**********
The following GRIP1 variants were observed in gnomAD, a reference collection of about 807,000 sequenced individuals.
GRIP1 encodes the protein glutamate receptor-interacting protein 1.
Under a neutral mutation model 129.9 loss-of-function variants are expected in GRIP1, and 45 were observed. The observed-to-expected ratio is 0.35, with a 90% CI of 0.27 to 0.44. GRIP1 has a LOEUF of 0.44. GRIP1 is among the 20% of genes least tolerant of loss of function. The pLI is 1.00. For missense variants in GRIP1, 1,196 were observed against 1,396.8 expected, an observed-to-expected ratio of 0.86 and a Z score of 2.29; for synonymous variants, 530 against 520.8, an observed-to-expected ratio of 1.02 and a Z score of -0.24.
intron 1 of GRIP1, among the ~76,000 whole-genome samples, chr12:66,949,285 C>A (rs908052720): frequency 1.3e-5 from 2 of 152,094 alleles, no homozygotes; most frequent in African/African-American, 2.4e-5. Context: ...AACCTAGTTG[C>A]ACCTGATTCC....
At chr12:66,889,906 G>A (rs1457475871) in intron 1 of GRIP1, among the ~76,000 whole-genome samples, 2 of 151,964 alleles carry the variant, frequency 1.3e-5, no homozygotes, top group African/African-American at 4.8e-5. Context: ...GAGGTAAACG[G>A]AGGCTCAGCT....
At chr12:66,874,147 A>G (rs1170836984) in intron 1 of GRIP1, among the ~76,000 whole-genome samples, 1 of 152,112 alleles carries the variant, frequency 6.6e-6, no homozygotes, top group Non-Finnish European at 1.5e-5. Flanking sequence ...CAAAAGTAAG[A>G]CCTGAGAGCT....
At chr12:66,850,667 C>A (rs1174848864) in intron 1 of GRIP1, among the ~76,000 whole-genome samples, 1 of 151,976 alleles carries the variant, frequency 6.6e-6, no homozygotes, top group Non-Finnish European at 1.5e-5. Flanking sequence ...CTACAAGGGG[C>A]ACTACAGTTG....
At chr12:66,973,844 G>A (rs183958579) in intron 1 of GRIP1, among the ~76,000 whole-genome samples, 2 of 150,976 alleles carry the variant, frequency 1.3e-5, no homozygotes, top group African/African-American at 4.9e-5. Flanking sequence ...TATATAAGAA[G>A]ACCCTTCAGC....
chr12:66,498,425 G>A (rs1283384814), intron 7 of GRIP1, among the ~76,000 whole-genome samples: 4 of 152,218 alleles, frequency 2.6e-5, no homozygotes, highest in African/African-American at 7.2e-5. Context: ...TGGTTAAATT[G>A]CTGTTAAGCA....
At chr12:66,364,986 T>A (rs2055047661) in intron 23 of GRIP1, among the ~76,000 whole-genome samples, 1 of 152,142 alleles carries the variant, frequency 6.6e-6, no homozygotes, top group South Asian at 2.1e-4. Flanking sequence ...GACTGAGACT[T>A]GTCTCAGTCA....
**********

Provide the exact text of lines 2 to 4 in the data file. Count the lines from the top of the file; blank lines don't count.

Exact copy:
GRIP1 encodes the protein glutamate receptor-interacting protein 1.
Under a neutral mutation model 129.9 loss-of-function variants are expected in GRIP1, and 45 were observed. The observed-to-expected ratio is 0.35, with a 90% CI of 0.27 to 0.44. GRIP1 has a LOEUF of 0.44. GRIP1 is among the 20% of genes least tolerant of loss of function. The pLI is 1.00. For missense variants in GRIP1, 1,196 were observed against 1,396.8 expected, an observed-to-expected ratio of 0.86 and a Z score of 2.29; for synonymous variants, 530 against 520.8, an observed-to-expected ratio of 1.02 and a Z score of -0.24.
intron 1 of GRIP1, among the ~76,000 whole-genome samples, chr12:66,949,285 C>A (rs908052720): frequency 1.3e-5 from 2 of 152,094 alleles, no homozygotes; most frequent in African/African-American, 2.4e-5. Context: ...AACCTAGTTG[C>A]ACCTGATTCC....